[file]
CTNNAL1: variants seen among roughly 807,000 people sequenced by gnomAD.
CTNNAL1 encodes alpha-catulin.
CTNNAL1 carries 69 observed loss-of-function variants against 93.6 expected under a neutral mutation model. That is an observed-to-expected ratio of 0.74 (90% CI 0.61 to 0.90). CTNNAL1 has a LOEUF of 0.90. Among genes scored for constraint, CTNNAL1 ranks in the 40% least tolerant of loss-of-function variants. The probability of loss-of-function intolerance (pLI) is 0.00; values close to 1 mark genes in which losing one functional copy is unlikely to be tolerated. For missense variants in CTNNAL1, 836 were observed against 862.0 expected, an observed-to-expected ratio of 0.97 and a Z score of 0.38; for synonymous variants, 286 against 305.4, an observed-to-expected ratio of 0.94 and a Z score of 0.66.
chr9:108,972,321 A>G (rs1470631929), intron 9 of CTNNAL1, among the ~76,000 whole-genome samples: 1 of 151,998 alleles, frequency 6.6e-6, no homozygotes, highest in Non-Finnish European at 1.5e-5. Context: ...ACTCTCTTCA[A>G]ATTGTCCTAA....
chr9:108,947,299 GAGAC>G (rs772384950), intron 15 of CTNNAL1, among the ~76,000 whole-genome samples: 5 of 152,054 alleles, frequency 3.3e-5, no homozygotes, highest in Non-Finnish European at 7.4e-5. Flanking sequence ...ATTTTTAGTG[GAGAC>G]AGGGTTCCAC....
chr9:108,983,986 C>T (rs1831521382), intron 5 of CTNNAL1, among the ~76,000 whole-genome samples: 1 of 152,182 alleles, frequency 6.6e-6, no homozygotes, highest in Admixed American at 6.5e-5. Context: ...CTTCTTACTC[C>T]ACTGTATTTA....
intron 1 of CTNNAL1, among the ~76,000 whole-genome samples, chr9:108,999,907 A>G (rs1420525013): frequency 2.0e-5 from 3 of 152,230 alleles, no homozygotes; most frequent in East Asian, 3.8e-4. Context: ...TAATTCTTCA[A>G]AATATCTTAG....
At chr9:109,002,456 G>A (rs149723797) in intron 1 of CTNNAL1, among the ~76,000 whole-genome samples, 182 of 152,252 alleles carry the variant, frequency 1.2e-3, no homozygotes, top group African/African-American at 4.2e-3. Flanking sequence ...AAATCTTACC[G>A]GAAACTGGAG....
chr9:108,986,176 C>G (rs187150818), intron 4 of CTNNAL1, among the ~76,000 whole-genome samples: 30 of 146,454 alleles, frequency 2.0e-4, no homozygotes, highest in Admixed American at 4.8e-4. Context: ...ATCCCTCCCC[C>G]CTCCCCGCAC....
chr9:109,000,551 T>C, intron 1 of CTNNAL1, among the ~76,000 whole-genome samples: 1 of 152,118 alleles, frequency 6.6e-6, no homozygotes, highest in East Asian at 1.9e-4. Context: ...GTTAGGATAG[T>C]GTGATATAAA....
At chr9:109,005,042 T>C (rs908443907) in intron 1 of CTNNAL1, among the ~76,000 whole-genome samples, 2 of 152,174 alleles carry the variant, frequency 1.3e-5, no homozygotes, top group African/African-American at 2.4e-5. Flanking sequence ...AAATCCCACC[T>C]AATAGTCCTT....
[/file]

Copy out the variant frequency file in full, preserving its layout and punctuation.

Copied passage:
CTNNAL1: variants seen among roughly 807,000 people sequenced by gnomAD.
CTNNAL1 encodes alpha-catulin.
CTNNAL1 carries 69 observed loss-of-function variants against 93.6 expected under a neutral mutation model. That is an observed-to-expected ratio of 0.74 (90% CI 0.61 to 0.90). CTNNAL1 has a LOEUF of 0.90. Among genes scored for constraint, CTNNAL1 ranks in the 40% least tolerant of loss-of-function variants. The probability of loss-of-function intolerance (pLI) is 0.00; values close to 1 mark genes in which losing one functional copy is unlikely to be tolerated. For missense variants in CTNNAL1, 836 were observed against 862.0 expected, an observed-to-expected ratio of 0.97 and a Z score of 0.38; for synonymous variants, 286 against 305.4, an observed-to-expected ratio of 0.94 and a Z score of 0.66.
chr9:108,972,321 A>G (rs1470631929), intron 9 of CTNNAL1, among the ~76,000 whole-genome samples: 1 of 151,998 alleles, frequency 6.6e-6, no homozygotes, highest in Non-Finnish European at 1.5e-5. Context: ...ACTCTCTTCA[A>G]ATTGTCCTAA....
chr9:108,947,299 GAGAC>G (rs772384950), intron 15 of CTNNAL1, among the ~76,000 whole-genome samples: 5 of 152,054 alleles, frequency 3.3e-5, no homozygotes, highest in Non-Finnish European at 7.4e-5. Flanking sequence ...ATTTTTAGTG[GAGAC>G]AGGGTTCCAC....
chr9:108,983,986 C>T (rs1831521382), intron 5 of CTNNAL1, among the ~76,000 whole-genome samples: 1 of 152,182 alleles, frequency 6.6e-6, no homozygotes, highest in Admixed American at 6.5e-5. Context: ...CTTCTTACTC[C>T]ACTGTATTTA....
intron 1 of CTNNAL1, among the ~76,000 whole-genome samples, chr9:108,999,907 A>G (rs1420525013): frequency 2.0e-5 from 3 of 152,230 alleles, no homozygotes; most frequent in East Asian, 3.8e-4. Context: ...TAATTCTTCA[A>G]AATATCTTAG....
At chr9:109,002,456 G>A (rs149723797) in intron 1 of CTNNAL1, among the ~76,000 whole-genome samples, 182 of 152,252 alleles carry the variant, frequency 1.2e-3, no homozygotes, top group African/African-American at 4.2e-3. Flanking sequence ...AAATCTTACC[G>A]GAAACTGGAG....
chr9:108,986,176 C>G (rs187150818), intron 4 of CTNNAL1, among the ~76,000 whole-genome samples: 30 of 146,454 alleles, frequency 2.0e-4, no homozygotes, highest in Admixed American at 4.8e-4. Context: ...ATCCCTCCCC[C>G]CTCCCCGCAC....
chr9:109,000,551 T>C, intron 1 of CTNNAL1, among the ~76,000 whole-genome samples: 1 of 152,118 alleles, frequency 6.6e-6, no homozygotes, highest in East Asian at 1.9e-4. Context: ...GTTAGGATAG[T>C]GTGATATAAA....
At chr9:109,005,042 T>C (rs908443907) in intron 1 of CTNNAL1, among the ~76,000 whole-genome samples, 2 of 152,174 alleles carry the variant, frequency 1.3e-5, no homozygotes, top group African/African-American at 2.4e-5. Flanking sequence ...AAATCCCACC[T>C]AATAGTCCTT....